The Philosophy of Friedrich Nietzsche

The Philosophy of Friedrich Nietzsche is a book by H. L. Mencken, the first edition in 1907. The book covers both wider and lesser known areas of Friedrich Nietzsche's life and philosophy, notable both for its suggestion of Mencken's still-developing literary talents at the age of 27 and for its impressive detail as a book written in the United States (on only the seventh year of Nietzsche's death) considering the lack of reliable interpretations of Nietzsche in the American sphere of letters at the time; Mencken prepared for writing this book by reading all of Nietzsche's published philosophy, including several works in the original German.

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    Moral sensibilities are nowadays at such cross-purposes that to one man a morality is proved by its utility, while to another its utility refutes it.
    Friedrich Nietzsche (1844–1900)

    What is wrong with Christianity is that it refrains from doing all those things that Christ commanded should be done.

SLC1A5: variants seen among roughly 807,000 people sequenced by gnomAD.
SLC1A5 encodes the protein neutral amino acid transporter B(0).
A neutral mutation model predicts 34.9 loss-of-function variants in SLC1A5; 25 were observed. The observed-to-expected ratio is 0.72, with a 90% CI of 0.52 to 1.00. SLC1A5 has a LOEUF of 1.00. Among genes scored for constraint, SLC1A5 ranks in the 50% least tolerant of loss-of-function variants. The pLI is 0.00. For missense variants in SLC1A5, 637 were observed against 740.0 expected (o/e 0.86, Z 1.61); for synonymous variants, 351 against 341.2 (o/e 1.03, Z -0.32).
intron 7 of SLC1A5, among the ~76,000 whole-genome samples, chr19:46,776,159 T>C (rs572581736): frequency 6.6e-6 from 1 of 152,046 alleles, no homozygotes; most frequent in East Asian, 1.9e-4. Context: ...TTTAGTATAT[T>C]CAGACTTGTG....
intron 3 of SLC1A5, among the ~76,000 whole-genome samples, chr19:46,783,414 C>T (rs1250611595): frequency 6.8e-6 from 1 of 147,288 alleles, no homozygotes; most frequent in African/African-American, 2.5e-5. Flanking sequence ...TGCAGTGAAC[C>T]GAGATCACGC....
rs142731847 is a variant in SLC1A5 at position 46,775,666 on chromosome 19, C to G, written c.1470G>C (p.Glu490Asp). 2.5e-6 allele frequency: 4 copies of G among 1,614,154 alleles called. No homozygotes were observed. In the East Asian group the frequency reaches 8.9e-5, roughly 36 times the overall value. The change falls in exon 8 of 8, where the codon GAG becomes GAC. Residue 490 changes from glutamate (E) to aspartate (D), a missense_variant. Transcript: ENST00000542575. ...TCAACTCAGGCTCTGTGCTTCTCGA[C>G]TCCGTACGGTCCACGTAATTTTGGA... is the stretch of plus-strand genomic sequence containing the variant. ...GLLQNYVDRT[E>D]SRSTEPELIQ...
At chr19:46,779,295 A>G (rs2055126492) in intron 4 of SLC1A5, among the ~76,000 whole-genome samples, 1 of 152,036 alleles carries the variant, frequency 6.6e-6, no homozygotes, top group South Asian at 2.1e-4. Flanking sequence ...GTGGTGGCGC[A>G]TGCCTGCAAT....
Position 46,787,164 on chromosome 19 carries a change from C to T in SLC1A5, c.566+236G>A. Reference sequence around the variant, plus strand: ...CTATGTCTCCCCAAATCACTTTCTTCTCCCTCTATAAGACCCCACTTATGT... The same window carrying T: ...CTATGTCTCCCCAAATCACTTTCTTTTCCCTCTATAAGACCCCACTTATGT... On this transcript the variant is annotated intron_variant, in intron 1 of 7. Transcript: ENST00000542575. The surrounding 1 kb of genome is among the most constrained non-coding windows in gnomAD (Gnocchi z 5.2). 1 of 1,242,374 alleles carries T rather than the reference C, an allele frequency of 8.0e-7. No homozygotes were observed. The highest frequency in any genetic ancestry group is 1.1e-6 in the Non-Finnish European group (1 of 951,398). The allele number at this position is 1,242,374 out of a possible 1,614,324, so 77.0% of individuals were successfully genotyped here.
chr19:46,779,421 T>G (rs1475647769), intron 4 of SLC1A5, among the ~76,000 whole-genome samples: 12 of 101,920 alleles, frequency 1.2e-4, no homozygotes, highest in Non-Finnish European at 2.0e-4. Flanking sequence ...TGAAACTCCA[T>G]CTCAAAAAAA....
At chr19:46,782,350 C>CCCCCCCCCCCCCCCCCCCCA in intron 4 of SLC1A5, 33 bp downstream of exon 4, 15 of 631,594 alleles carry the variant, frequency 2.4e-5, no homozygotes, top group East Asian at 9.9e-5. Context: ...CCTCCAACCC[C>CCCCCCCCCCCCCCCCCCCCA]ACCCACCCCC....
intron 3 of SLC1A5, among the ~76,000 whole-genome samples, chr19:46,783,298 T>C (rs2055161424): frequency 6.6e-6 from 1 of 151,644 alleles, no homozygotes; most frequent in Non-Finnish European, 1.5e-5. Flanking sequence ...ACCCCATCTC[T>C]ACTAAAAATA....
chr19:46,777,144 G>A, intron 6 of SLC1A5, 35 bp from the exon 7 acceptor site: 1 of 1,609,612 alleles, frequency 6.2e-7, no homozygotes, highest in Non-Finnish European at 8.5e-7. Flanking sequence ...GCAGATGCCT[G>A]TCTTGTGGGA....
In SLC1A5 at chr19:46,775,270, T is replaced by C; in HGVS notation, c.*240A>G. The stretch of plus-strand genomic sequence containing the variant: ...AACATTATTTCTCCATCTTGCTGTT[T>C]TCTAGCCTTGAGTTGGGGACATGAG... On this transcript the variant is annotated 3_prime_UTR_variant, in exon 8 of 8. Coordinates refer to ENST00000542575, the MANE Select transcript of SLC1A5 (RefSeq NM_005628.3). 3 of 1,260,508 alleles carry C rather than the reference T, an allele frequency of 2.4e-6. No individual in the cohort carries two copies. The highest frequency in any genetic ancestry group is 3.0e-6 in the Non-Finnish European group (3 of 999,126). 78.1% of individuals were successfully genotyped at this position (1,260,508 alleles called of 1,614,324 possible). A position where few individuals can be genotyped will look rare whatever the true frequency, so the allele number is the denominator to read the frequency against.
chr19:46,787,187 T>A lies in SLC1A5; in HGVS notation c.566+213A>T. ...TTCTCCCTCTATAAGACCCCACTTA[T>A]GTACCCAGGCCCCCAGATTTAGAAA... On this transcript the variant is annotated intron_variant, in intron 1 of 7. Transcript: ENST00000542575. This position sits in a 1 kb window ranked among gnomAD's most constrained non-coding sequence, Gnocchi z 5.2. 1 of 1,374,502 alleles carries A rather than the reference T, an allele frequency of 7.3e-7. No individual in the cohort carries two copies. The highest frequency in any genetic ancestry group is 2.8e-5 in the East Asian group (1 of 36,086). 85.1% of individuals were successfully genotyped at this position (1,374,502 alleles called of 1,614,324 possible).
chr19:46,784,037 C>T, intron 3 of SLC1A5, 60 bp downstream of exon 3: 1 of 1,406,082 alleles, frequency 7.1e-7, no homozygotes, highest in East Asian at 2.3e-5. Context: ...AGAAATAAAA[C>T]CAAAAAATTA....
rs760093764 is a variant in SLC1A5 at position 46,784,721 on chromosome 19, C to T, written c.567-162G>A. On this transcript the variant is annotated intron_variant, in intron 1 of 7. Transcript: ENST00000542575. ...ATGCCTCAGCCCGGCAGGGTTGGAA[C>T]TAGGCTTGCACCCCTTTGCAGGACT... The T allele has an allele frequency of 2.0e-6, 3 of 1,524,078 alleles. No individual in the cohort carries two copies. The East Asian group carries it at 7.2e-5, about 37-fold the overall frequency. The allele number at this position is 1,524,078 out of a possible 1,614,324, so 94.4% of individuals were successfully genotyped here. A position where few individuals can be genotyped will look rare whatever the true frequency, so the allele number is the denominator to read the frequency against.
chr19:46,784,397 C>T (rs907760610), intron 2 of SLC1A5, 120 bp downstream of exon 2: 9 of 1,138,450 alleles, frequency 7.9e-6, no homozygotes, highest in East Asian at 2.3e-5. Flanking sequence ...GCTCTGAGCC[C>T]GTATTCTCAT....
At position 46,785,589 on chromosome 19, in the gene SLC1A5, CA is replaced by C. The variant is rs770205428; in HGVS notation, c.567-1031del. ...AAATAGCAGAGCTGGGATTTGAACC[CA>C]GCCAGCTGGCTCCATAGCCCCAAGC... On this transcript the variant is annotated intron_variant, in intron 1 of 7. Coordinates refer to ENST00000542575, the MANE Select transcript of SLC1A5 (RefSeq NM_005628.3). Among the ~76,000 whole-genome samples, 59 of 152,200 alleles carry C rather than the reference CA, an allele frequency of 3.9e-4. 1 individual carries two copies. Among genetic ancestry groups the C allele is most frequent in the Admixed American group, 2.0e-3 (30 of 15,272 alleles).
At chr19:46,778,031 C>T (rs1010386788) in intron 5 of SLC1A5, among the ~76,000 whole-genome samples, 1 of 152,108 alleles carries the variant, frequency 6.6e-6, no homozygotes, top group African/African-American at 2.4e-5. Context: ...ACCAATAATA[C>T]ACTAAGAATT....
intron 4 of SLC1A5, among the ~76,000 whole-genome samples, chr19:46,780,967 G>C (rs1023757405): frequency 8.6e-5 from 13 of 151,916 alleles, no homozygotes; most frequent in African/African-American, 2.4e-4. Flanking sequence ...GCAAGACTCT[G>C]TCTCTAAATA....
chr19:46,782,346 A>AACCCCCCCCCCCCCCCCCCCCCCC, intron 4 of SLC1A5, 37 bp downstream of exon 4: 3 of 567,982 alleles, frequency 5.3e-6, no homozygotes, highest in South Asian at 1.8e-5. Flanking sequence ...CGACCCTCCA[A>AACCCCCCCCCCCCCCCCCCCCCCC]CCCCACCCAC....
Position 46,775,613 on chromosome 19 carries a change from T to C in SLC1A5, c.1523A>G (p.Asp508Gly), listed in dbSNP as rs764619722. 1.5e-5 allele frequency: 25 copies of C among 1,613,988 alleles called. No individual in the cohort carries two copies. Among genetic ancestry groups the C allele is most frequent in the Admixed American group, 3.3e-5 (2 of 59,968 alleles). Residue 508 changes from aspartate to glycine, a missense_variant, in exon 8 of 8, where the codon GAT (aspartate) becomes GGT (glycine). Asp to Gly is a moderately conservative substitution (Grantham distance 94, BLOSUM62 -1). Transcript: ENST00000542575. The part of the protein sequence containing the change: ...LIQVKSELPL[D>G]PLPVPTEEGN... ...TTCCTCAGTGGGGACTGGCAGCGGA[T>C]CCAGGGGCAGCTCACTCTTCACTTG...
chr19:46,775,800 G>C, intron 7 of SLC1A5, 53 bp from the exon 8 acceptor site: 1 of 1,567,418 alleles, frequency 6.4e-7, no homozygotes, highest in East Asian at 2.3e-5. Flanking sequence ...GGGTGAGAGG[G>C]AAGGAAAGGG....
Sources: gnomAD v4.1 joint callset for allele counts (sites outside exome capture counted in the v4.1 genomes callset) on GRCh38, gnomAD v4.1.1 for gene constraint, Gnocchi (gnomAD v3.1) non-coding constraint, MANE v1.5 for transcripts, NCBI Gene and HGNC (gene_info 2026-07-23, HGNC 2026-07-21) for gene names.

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    A writer must always try to have a philosophy and he should also have a psychology and a philology and many other things. Without a philosophy and a psychology and all these various other things he is not really worthy of being called a writer. I agree with Kant and Schopenhauer and Plato and Spinoza and that is quite enough to be called a philosophy. But then of course a philosophy is not the same thing as a style.
    Gertrude Stein (1874–1946)

    Animals are in possession of themselves; their soul is in possession of their body. But they have no right to their life, because they do not will it.
    —Georg Wilhelm Friedrich Hegel (1770–1831)